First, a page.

The world tends to think of cardiovascular diseases as being something of a male problem, which women don’t have to worry about as much. However, what women need to know about heart disease is that it is the number 1 killer of women as well, and that women need to be as careful about it as men.
Cardiovascular diseases are often misdiagnosed in women
Many women and also their doctors are not aware that heart disease is the number 1 killer of women. This is why women tend to ignore symptoms that they may feel, and doctors tend to misdiagnose those same symptoms as some other ailment.
There is also the fact that women tend to have cardiovascular diseases later in life than men. Women may also have other ailments such as osteoporosis, diabetes, obesity, arthritis.
Due to this, the symptoms of heart disease in women tend to get masked and are not recognized as such.
Many of the symptoms that women may experience may be dismissed as indigestion or being out of shape.
Doctors also may chalk those symptoms down to anxiety instead of what they are really caused by.
Because of this, a woman’s heart problems often remain unknown and untreated, often escalating and spiraling out of control to the point where they may cause more lasting damage and even death. For all of these reasons, women are less likely than men to survive heart attacks.
How the symptoms of cardiovascular diseases may differ in women
Whereas men suffer from what we readily recognize as symptoms of heart problems, such as chest pain, women often have no chest pain at all. The symptoms that women have are often non-specific or diffuse and rather different from symptoms traditionally associated with heart attacks.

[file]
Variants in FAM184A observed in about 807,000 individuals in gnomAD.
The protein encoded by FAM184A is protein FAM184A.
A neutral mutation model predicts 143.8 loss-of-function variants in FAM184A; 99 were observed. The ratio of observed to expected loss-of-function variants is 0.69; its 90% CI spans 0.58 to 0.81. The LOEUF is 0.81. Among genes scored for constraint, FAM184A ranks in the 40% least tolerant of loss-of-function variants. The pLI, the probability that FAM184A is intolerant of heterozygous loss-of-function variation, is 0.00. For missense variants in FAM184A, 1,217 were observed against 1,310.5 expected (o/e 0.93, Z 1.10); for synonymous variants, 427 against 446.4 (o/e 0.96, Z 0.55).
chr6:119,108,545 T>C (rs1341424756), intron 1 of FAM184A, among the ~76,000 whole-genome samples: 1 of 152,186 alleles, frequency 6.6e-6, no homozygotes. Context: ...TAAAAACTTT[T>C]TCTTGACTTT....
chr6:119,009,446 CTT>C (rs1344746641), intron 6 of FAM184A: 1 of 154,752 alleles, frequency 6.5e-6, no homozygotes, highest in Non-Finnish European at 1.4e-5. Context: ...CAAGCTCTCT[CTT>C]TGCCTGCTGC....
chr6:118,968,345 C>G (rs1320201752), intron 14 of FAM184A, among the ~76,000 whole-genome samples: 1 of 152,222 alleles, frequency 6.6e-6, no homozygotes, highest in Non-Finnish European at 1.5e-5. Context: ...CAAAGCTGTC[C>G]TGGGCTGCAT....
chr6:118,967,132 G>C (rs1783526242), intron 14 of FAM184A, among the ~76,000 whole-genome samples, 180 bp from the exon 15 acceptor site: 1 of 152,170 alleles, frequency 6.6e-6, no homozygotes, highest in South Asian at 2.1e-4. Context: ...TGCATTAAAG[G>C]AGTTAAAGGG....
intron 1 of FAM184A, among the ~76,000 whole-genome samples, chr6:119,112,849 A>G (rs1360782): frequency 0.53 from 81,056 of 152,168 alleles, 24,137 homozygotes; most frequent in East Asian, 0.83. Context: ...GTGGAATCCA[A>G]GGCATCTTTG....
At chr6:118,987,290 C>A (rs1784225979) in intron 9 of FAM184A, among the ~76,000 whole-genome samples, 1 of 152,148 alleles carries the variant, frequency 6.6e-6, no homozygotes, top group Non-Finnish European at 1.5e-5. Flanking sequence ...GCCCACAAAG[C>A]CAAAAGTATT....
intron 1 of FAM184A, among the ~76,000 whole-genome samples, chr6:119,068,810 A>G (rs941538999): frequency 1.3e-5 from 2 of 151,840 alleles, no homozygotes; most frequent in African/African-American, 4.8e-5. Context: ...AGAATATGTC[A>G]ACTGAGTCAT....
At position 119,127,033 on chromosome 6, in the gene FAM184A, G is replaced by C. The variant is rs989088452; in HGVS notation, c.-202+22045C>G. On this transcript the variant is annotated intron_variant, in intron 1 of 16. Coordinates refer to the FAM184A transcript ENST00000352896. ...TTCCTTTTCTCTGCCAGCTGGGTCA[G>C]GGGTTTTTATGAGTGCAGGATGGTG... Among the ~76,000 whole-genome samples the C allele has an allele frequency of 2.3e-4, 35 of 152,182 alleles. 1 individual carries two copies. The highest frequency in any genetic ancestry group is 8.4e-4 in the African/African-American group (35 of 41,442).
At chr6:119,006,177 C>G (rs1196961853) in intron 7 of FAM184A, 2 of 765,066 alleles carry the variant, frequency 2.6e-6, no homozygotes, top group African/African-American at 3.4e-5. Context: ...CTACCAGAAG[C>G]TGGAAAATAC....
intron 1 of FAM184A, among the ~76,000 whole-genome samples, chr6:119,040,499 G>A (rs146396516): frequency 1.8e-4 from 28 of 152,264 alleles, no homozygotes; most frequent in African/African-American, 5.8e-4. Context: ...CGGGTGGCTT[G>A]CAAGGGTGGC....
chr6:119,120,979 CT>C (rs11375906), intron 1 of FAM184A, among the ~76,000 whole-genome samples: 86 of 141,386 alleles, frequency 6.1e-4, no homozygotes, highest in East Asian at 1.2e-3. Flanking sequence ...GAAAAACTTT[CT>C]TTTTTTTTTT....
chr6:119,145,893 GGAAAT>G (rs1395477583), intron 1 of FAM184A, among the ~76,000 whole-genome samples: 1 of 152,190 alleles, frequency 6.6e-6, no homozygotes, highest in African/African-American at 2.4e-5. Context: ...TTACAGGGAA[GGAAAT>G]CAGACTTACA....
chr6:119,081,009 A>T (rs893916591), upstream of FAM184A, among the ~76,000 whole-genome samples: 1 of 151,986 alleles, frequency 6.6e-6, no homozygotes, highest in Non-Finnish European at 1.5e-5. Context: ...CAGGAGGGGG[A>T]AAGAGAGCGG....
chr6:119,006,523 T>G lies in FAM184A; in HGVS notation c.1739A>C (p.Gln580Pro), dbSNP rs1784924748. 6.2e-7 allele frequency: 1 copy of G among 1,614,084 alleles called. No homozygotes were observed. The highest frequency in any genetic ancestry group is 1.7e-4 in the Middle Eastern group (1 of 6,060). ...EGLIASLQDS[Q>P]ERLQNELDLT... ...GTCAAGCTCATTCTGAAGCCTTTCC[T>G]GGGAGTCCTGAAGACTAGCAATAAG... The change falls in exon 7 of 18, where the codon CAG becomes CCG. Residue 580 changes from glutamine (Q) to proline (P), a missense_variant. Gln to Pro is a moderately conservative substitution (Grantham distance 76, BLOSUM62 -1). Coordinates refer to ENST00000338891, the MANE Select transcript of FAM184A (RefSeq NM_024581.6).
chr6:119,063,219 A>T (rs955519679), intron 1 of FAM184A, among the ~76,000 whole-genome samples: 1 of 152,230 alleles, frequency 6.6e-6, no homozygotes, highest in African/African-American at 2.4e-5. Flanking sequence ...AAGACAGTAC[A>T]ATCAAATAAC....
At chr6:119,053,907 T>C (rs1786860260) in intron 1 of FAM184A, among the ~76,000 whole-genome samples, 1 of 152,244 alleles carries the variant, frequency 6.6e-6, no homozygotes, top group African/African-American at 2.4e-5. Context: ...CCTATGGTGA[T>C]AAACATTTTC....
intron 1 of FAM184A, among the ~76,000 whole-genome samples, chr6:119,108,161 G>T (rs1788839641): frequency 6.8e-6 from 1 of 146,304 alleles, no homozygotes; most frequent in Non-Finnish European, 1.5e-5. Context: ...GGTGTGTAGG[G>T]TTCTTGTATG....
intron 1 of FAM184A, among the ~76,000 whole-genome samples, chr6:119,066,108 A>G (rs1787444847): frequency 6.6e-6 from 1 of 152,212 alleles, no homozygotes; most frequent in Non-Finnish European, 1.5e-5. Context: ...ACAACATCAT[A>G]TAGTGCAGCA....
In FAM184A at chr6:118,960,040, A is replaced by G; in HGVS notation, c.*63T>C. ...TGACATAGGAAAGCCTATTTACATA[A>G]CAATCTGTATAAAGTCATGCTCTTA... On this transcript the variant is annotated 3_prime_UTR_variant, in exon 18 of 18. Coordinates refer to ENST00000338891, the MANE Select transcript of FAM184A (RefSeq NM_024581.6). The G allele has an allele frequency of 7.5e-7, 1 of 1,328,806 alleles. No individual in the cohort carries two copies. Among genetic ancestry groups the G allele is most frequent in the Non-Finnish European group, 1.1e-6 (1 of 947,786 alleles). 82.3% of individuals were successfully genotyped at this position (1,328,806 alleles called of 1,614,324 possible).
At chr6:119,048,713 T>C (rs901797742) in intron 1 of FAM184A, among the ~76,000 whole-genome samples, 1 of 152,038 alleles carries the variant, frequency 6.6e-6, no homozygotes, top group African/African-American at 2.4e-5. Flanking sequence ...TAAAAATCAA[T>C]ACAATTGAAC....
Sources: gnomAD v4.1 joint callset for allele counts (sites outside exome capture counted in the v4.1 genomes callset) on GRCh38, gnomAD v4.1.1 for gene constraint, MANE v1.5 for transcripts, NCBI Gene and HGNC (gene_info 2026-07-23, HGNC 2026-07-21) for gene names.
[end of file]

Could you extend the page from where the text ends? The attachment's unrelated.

Women with cardiovascular disease tend to complain of unexplained fatigue or shortness of breath. Rather than chest pain, they may experience a feeling of fullness or pressure in the chest area.
There could be burning sensations in the shoulders, arms or back and feelings that can be mistaken for indigestion.
Heart palpitations where the heartbeat seems too fast or seems to be irregular also could be among the symptoms.
Many women experience nausea, and vomiting or they may feel lightheaded or dizzy.
Risk factors for cardiovascular diseases in women
To catch heart disease in time, women need to be aware of their own risk factors for developing the disease.
Family history is a predictor of a woman’s own risk of having a heart attack. If women in the family have had a heart attack when younger than 60 or men in the family have had a heart attack when younger than 50 years of age the risk is said to be high.
Smoking is a significant risk factor, and studies have shown that women who smoke will experience a heart attack about 19 years earlier than if they did not smoke. Other lifestyle factors such as lack of exercise, and having an unhealthy diet also put a woman at higher risk of cardiovascular diseases.
Being overweight or obese also increases risk among women, particularly women who tend to carry a lot of weight around their abdomen (research has shown that the apple shaped woman is more at risk than the pear shaped woman).
Health conditions such as diabetes, high blood pressure (hypertension) and high cholesterol or triglyceride levels also put woman at higher risk of having cardiac disease.
Stress is another risk factor that women should look at. Prolonged and excessive stress is a known risk factor for heart disease, as are other factors such as social isolation, mental problems such as depression.
Why cardiovascular diseases may be more dangerous for women
As we saw above, women show signs of heart problems differently than men and that they are more likely to be misdiagnosed which makes women more likely to die from a heart attack than men.
However there are other reasons that put women at greater risk of cardiovascular diseases: women often tend to downplay their own discomforts which can delay start of treatment. Some experts also feel that the fact that women have smaller hearts and blood vessels makes it more likely that they will suffer lasting damage.